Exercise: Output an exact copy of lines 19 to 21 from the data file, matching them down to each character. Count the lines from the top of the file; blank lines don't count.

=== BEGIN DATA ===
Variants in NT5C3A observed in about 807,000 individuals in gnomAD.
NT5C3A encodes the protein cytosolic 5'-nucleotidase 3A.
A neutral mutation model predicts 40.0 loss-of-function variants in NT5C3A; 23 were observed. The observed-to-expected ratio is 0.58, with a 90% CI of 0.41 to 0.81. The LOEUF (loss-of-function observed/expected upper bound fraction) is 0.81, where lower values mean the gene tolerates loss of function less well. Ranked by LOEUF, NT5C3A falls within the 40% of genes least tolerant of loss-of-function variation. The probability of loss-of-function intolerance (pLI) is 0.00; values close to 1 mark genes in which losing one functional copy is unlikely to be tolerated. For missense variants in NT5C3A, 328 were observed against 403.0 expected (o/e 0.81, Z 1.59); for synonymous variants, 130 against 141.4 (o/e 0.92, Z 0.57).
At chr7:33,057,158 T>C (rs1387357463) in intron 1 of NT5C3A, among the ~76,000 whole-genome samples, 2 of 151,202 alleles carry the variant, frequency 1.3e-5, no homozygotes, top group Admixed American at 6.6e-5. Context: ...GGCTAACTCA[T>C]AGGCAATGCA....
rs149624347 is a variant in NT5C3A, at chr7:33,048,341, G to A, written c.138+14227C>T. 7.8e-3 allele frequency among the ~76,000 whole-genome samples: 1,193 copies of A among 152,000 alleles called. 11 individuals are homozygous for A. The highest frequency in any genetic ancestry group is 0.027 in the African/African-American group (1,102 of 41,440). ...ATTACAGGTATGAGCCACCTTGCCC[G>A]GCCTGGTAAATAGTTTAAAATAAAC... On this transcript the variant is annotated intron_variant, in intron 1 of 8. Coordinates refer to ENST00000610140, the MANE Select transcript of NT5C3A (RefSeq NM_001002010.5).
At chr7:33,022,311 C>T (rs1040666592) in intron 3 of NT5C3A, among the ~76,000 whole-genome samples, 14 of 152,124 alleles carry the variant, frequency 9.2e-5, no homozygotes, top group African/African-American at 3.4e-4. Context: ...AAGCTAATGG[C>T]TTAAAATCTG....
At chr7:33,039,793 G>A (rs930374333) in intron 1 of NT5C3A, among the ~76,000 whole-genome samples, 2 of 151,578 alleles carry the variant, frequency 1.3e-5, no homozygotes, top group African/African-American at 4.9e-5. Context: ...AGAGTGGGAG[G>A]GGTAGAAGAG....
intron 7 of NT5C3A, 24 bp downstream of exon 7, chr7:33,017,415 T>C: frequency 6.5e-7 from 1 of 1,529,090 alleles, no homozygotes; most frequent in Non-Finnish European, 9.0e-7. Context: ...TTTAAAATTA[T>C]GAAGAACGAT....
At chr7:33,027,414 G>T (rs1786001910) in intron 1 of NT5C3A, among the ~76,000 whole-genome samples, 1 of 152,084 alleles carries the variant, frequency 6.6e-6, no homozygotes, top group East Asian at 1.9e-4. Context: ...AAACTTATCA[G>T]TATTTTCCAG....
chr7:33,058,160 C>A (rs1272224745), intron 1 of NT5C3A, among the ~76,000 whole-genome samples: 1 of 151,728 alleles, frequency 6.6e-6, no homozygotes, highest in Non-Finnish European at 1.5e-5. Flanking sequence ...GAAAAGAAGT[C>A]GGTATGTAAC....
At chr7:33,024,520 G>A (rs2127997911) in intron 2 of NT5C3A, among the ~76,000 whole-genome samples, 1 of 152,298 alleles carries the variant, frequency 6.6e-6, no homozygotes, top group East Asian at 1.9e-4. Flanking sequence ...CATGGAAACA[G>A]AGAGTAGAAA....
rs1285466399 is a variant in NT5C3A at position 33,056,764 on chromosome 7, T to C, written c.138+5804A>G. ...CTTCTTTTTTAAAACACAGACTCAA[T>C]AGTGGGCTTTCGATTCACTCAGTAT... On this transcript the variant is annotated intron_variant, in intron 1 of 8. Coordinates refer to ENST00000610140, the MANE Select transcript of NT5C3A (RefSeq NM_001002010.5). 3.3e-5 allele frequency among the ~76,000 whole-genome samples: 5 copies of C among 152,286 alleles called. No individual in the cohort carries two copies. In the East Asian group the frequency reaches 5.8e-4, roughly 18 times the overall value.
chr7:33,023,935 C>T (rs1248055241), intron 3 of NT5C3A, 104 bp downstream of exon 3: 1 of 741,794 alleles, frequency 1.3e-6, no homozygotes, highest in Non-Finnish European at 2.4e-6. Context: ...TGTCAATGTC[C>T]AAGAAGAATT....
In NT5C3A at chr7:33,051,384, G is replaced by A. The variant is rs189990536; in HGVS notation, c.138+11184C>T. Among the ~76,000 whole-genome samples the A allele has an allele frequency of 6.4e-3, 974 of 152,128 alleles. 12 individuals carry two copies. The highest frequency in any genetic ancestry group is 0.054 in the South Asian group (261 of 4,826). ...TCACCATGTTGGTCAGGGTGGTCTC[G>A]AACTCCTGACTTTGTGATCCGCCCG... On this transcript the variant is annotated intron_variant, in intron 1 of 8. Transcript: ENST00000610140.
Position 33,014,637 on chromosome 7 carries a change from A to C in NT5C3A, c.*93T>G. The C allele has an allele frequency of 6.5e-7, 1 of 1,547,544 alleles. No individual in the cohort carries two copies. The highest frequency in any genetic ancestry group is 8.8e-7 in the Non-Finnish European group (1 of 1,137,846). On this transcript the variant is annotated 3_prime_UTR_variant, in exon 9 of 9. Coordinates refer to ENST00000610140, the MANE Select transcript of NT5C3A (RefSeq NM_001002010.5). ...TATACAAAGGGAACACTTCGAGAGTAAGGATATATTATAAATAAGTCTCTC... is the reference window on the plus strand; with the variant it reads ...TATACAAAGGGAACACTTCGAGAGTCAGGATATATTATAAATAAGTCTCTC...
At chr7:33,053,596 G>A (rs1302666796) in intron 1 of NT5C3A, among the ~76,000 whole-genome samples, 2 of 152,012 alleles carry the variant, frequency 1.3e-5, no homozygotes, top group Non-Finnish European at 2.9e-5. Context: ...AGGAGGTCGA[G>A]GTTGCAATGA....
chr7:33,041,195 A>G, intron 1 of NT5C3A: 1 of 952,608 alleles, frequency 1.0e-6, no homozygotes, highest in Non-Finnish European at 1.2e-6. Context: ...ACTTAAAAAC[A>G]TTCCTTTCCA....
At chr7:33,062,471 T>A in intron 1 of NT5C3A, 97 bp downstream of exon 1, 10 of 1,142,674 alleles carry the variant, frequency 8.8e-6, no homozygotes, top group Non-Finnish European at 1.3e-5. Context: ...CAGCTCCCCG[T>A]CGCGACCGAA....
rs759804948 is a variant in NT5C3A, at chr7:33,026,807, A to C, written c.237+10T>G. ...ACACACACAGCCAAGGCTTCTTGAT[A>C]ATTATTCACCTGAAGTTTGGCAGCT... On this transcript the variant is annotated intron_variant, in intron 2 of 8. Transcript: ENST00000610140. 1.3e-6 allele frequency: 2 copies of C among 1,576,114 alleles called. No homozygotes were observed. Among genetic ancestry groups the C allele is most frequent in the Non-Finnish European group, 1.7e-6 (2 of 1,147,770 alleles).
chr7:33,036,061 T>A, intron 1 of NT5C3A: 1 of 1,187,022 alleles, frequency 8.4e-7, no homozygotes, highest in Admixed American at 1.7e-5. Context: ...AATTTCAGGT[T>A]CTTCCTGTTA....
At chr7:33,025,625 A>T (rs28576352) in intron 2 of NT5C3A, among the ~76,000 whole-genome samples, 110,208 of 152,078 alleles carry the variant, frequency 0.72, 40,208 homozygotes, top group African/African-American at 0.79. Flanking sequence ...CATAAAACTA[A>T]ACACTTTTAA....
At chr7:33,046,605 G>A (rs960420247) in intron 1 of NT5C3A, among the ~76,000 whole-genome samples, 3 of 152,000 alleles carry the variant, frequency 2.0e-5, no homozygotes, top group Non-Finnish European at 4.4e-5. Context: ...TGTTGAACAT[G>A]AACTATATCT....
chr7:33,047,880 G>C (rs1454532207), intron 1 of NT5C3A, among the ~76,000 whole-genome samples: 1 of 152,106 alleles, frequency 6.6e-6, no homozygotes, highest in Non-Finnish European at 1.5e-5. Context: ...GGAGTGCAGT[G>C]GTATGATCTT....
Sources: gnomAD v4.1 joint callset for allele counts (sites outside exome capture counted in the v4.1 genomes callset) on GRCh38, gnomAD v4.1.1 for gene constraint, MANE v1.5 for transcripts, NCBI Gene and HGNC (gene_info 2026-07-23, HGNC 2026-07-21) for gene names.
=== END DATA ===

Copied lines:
rs759804948 is a variant in NT5C3A, at chr7:33,026,807, A to C, written c.237+10T>G. ...ACACACACAGCCAAGGCTTCTTGAT[A>C]ATTATTCACCTGAAGTTTGGCAGCT... On this transcript the variant is annotated intron_variant, in intron 2 of 8. Transcript: ENST00000610140. 1.3e-6 allele frequency: 2 copies of C among 1,576,114 alleles called. No homozygotes were observed. Among genetic ancestry groups the C allele is most frequent in the Non-Finnish European group, 1.7e-6 (2 of 1,147,770 alleles).
chr7:33,036,061 T>A, intron 1 of NT5C3A: 1 of 1,187,022 alleles, frequency 8.4e-7, no homozygotes, highest in Admixed American at 1.7e-5. Context: ...AATTTCAGGT[T>A]CTTCCTGTTA....
At chr7:33,025,625 A>T (rs28576352) in intron 2 of NT5C3A, among the ~76,000 whole-genome samples, 110,208 of 152,078 alleles carry the variant, frequency 0.72, 40,208 homozygotes, top group African/African-American at 0.79. Flanking sequence ...CATAAAACTA[A>T]ACACTTTTAA....